Rights of a Victim

2nd october2
image courtesy google

Rights of a Victim
Should sexual abuse be reported?
I shall not give three reasons why they should because the reasons why they need not are also there.
Amnesty claims only 1 in 100 sexual abuses get reported in India… well the statistics worldwide is not much different. so stop projecting the issue as an Indian thing.
Will reporting sexual abuse make a difference? I am not really sure.
Dealing with sexual abuse happens in two planes… one is the healing of the victim. There is a deep sense of violation, there is a sense of being vulnerable and a sense of shamed. “I just want to sleep. A coma would be nice, or amnesia, anything just to get rid of this, these thoughts, whispers in my mind. did he rape my head too?” this was as the query of a rape victim. The pacifiers often say time eases the pain but does it?
I think not, the shame, the fear it does not fade in time, instead the things that the victims remembered were the little details, that seemed to grow stronger to the point where they could feel the predators weight on their chest. What seems to stick the most is a memory of stepping into a dark spaces, and what they experience it and how light took that nightmare and made it really.
Every victim has trust issues, and one of the hardest parts to deal with is the feeling of not being believed or supported…this happens when you report sexual abuse. And if it is abuse within the family, then the rest of the family not believing. People go through so much of pain and hurt and they have to live with scars every day. Knowing that you are being brushed off, or treated as if you made it up, still worse becoming a Media story is infuriating . the same family and friends who were with you through the smiling selfie suddenly cease to know you, no one ever tells the victim, “I am sorry you had to go through all this” or does anyone say, “I am there for you”. Sexual abuse is sexual abuse, but denial is what people would like for they cannot accept the truth.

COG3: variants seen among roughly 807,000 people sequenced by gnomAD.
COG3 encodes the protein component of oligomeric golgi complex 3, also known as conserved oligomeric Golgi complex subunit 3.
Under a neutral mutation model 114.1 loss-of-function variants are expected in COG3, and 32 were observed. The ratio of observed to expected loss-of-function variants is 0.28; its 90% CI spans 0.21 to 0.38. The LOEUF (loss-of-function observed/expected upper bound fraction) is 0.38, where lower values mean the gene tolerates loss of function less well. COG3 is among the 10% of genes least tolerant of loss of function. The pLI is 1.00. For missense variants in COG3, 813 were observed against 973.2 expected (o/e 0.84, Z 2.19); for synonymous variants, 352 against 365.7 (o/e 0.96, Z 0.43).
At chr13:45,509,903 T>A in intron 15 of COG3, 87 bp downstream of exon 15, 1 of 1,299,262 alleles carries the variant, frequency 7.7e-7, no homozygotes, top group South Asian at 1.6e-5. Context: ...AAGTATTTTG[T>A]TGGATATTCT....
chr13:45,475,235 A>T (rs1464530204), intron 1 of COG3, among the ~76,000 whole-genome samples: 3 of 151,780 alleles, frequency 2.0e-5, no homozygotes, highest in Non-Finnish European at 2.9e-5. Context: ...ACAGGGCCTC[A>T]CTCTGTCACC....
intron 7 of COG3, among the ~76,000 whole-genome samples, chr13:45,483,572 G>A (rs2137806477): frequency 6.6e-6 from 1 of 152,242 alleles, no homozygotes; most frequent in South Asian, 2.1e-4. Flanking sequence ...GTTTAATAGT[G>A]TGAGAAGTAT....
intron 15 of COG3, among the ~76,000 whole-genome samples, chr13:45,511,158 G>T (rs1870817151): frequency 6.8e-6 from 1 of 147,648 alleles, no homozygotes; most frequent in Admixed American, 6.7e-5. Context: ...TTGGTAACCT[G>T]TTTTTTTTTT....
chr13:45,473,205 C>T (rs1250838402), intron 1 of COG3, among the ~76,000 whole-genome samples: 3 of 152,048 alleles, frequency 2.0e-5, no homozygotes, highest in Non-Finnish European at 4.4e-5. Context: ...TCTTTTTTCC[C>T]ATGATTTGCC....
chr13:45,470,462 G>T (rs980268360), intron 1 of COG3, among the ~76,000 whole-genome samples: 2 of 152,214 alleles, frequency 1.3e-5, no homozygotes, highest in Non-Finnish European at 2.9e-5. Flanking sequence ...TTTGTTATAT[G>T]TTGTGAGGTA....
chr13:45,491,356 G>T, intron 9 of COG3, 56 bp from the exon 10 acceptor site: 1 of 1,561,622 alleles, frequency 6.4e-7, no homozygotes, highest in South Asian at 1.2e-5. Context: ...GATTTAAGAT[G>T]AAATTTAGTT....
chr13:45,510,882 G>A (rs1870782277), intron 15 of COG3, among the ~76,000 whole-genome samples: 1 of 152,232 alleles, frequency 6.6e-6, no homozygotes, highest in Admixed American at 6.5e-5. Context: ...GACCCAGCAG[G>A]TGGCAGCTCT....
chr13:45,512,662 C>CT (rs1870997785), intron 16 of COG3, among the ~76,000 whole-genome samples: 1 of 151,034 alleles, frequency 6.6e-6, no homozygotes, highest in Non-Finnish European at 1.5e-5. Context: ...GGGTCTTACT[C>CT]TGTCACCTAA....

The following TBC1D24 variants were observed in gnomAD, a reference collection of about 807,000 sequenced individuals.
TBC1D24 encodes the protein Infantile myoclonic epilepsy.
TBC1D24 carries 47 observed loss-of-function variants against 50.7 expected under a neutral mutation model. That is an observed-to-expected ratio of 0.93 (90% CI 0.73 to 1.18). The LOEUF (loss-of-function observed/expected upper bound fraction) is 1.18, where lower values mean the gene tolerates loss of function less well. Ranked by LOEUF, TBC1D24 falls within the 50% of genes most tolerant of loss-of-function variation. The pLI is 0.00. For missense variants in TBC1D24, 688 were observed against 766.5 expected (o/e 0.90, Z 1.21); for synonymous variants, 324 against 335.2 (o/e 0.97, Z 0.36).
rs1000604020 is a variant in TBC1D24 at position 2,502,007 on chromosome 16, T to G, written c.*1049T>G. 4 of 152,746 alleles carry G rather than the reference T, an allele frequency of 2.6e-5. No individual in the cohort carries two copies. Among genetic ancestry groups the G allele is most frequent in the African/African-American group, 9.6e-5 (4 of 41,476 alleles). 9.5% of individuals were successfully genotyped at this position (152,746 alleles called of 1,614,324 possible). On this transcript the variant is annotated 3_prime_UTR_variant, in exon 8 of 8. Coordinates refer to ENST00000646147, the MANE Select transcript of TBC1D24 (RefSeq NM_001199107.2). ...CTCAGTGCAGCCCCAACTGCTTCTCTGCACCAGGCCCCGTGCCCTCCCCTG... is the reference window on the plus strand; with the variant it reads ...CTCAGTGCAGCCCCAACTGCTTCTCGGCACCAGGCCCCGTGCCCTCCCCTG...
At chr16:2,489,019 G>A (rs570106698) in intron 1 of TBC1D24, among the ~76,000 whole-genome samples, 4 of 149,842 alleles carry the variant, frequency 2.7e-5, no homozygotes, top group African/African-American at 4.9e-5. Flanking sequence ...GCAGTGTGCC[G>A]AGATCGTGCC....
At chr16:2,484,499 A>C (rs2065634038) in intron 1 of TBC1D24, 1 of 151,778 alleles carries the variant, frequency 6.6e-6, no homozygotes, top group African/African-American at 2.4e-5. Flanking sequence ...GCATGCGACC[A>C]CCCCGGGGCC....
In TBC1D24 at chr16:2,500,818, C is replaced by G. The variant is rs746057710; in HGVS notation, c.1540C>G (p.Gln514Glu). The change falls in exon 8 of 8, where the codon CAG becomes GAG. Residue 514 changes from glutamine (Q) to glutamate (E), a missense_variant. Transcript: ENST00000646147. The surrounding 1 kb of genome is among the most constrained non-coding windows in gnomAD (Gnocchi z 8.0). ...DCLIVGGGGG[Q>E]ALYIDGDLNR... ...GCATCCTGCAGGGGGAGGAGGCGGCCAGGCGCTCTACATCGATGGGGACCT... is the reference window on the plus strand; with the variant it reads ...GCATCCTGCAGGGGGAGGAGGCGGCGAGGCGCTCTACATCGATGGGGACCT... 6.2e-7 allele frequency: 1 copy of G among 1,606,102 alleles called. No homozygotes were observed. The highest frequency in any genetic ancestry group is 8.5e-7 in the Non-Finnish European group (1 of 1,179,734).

In practise the standard for what constitutes a rape is set not at the level of a woman’s experience of violation but just above the level of coercion acceptable to men.
Should we treat women as independent agents, responsible for themselves? Of course. But being responsible has nothing to do with being raped. Women don’t get raped because they were drinking or took drugs. Women do not get raped because they were not careful enough; women get raped because someone raped them.
The reporting of abuse, the subsequent investigation, the follow up and the media blare makes the victim relive the trauma over and over again. Until we are able to find a way to support the victim, tell her or him, “I’m sorry you had to go through this pain, I there by you while you fight it” we have no business demanding people to report abuse.
There are far too many silent sufferers of sexual abuse, not because we don’t yearn to reach out, but because they tried to reach out and they have found out no one who cares..
Prevention of rape requires a complete different handling that begins with changing our attitudes, the way bring up our children, the values we inculcate, even the television serials we watch add.
Coming back to rape, it is one of the most terrible crimes on earth and it happens every few minutes. The problem with the groups who deal with rape is that they are busy trying to educate women about how to defend themselves and what really needs to be done teaching men not to rape… this is not about crime and punishment. Go to the source and start there.
Maybe we could start, with, precedent.. The title president stays with the person even if they served only term. The same should go for rapist.
As for my rights, I would like to reserve the right to report the abuse until I am in a mental framework of dealing with it.
I’m writing this blog post to support Amnesty International’s#KnowYourRights campaign at BlogAdda. You can also contribute to the cause by donating or spreading the word.”

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